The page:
But I think that is not the case. SBS is a private company (though publicly listed). However as $1.1bil of taxpayers' money was pumped into a company, shouldn't that be counted as the taxpayers' investment, and we - as taxpayers - should be getting a slice of the profit?

Not looking to debate. Just, honestly, trying to make sense of this. Because I'm afraid that this $1.1b injection is kinda like our own banking crisis, where companies "too big to fail" can suddenly get government gifts. At the citizens' expense.
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Old 11-07-2012, 02:26 PM   #9
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Thanks for the reply, but I'm still confused. Even the CNA article didn't answer the query.

From the way you said it, SBS is more or less the secretariat that is administering the government-owned fleet of transport. I sincerely doubt that is the case. But if it is, wouldn't it be more fair for SBS to be paid a sum of their service (in managing the fleet), instead of exploiting the fleet completely to maximize profit? Furthermore, in this case, shouldn't such profit be returned back to the government (as the fleet owner) instead of the shareholders?

But I think that is not the case. SBS is a private company (though publicly listed). However as $1.1bil of taxpayers' money was pumped into a company, shouldn't that be counted as the taxpayers' investment, and we - as taxpayers - should be getting a slice of the profit?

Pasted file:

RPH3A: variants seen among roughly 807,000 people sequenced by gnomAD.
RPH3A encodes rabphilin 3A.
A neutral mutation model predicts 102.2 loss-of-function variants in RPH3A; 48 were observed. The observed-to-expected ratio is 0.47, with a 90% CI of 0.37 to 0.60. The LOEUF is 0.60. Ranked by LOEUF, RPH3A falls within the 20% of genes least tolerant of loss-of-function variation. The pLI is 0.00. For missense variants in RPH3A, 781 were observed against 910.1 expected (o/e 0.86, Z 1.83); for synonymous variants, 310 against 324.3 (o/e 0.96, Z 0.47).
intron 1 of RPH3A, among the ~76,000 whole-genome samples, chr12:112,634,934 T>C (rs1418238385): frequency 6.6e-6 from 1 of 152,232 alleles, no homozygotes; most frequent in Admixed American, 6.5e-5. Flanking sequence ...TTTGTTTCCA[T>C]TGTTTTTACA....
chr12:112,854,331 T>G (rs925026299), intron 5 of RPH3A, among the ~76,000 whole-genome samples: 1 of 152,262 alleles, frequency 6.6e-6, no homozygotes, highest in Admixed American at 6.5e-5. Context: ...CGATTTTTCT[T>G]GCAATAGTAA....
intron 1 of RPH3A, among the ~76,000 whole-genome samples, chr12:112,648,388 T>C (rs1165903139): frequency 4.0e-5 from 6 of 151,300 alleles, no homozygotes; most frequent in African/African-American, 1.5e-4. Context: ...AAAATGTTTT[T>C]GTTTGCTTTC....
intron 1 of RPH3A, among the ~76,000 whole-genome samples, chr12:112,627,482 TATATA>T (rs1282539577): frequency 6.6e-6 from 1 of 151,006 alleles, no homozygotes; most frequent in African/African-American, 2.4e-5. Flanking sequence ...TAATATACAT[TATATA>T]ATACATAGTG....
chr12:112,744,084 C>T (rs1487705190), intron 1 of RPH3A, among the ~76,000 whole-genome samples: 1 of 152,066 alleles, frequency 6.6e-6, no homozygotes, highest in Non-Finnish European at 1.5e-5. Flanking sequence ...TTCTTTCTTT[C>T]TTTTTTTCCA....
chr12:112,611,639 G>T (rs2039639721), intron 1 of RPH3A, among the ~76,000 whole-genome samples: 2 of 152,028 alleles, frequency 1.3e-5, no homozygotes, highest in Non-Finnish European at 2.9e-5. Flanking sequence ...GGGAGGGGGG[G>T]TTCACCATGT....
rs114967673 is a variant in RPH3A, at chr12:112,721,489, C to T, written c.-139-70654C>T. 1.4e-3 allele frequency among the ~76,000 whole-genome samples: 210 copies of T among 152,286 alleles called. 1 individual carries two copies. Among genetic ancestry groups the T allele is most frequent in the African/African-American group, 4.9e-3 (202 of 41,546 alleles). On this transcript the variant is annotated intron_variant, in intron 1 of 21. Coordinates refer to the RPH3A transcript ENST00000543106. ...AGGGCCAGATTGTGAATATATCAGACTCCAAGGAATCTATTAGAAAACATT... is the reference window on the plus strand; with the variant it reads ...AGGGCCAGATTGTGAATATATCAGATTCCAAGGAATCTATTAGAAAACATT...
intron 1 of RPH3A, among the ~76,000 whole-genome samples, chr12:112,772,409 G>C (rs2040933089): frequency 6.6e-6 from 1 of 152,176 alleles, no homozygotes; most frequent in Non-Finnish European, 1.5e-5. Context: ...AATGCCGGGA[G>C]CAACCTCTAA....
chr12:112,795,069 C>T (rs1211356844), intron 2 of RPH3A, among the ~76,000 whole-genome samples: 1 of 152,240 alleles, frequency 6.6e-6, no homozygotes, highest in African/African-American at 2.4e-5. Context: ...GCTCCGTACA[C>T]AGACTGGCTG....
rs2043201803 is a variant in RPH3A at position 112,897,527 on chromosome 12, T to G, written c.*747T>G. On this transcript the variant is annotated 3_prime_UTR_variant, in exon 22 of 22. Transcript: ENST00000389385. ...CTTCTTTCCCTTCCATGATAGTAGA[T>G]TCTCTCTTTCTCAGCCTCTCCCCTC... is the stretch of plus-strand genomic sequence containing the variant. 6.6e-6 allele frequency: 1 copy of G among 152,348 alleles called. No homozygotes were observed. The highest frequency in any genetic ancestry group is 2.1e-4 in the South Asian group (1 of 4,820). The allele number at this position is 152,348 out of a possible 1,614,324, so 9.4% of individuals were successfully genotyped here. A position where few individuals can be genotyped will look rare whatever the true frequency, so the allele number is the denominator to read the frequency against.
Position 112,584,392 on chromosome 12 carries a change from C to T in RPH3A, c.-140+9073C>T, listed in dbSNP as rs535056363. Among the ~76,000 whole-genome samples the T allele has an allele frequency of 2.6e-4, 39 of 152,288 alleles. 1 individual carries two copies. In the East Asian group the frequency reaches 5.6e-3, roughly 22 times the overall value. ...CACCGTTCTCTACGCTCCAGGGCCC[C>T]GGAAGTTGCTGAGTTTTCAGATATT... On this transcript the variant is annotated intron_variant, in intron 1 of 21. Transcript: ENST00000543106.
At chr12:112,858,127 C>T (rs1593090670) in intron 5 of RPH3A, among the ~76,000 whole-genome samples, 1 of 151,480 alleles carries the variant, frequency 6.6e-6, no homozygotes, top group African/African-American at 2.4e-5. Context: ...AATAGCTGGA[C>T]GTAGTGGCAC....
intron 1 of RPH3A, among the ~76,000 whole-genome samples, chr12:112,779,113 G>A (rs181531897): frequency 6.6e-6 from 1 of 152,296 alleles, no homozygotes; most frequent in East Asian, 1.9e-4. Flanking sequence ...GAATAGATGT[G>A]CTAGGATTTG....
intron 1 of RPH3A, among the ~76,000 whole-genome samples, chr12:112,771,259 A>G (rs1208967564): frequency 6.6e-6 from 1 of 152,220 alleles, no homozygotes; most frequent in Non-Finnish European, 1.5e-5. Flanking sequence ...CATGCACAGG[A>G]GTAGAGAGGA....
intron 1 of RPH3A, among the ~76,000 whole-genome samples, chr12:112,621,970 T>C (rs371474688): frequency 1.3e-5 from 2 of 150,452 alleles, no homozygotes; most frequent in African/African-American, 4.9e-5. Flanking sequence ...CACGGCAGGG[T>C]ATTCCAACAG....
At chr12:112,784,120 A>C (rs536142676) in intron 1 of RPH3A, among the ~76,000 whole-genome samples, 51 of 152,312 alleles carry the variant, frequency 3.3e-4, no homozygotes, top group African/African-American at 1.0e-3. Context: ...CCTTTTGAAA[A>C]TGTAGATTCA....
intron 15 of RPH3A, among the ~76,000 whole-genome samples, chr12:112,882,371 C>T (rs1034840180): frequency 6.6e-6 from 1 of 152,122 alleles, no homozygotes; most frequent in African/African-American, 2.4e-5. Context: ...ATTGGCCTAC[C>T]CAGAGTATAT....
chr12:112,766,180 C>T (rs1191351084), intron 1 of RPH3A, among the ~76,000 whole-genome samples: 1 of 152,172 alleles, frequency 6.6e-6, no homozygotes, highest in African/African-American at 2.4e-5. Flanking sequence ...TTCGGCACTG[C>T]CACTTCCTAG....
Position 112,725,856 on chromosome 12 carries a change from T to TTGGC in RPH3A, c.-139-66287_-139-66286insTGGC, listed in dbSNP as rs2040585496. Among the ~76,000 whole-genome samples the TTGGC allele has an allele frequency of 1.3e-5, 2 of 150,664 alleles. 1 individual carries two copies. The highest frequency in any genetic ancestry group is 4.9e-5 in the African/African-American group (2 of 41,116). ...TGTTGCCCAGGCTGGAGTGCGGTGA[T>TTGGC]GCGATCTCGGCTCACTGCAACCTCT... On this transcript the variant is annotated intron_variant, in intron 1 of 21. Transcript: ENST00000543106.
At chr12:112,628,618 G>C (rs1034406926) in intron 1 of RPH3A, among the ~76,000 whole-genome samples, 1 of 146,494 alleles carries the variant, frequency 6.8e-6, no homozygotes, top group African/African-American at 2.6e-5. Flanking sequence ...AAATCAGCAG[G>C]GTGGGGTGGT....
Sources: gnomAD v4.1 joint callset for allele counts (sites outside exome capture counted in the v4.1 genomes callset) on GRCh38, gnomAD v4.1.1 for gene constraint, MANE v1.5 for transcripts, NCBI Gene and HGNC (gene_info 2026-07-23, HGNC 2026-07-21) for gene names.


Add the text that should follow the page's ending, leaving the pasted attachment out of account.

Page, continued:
Not looking to debate. Just, honestly, trying to make sense of this. Because I'm afraid that this $1.1b injection is kinda like our own banking crisis, where companies "too big to fail" can suddenly get government gifts. At the citizens' expense.
Actually, U could also say that the PAP is the one that is getting too big to fail... ppl taking bus to cast votes at elections have to smell FT armpits, of course will not be in a good mood... so hopefully the S$1.1billion will do some wonders over the next 5 yrs... thereafter? I dunno.

Anyhow, maybe my cost breakdown at S$1.1Billion bus services cash injection, shouldn't commuters expect a 12.1% decrease in bus fares? might help.

Whatever the case, I still believe that nothing beats cycling for its energy efficiency, good exercise and overall green consciousness, parking and fuel price costs inflation resistance. Singapore should stop giving every excuse under the sun for its high carbon footprint just to keep its GDP pumped primed with steroids cos there are many better things to do in life than to just focus on GDP: religion, philosophy, green consciousness etc, etc.

Rgds,
C6.

BTW, the following is the board of the PA, a core branch of the civil service, u have PAP ppl all over, so nobody pls tell me that the PAP doesn't keep civil service on a super, uber tight leash- the civil service is like tiny beef in the center of a hamburger, flanked on both sides by the top heavy PAP (the PAP MP/ wanna be MPs flank the other end of the PA as advisers to grassroots!)

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Old 11-07-2012, 03:13 PM   #10
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Honest question. Hope someone can explain to me.

SBS is public listed, so basically they get their money from investors right?

So how can they receive taxpayers' money for their company? By that account, won't it be the same for other companies to get access to taxpayers' money to upgrade their services/products?

Or did I miss something here? TIA.

SBS and SMRT is it same company?
I only know TS holdings own largest shares in SMRT ~

and TS holdings is owned by who?
Is consider our national Investment Firm right?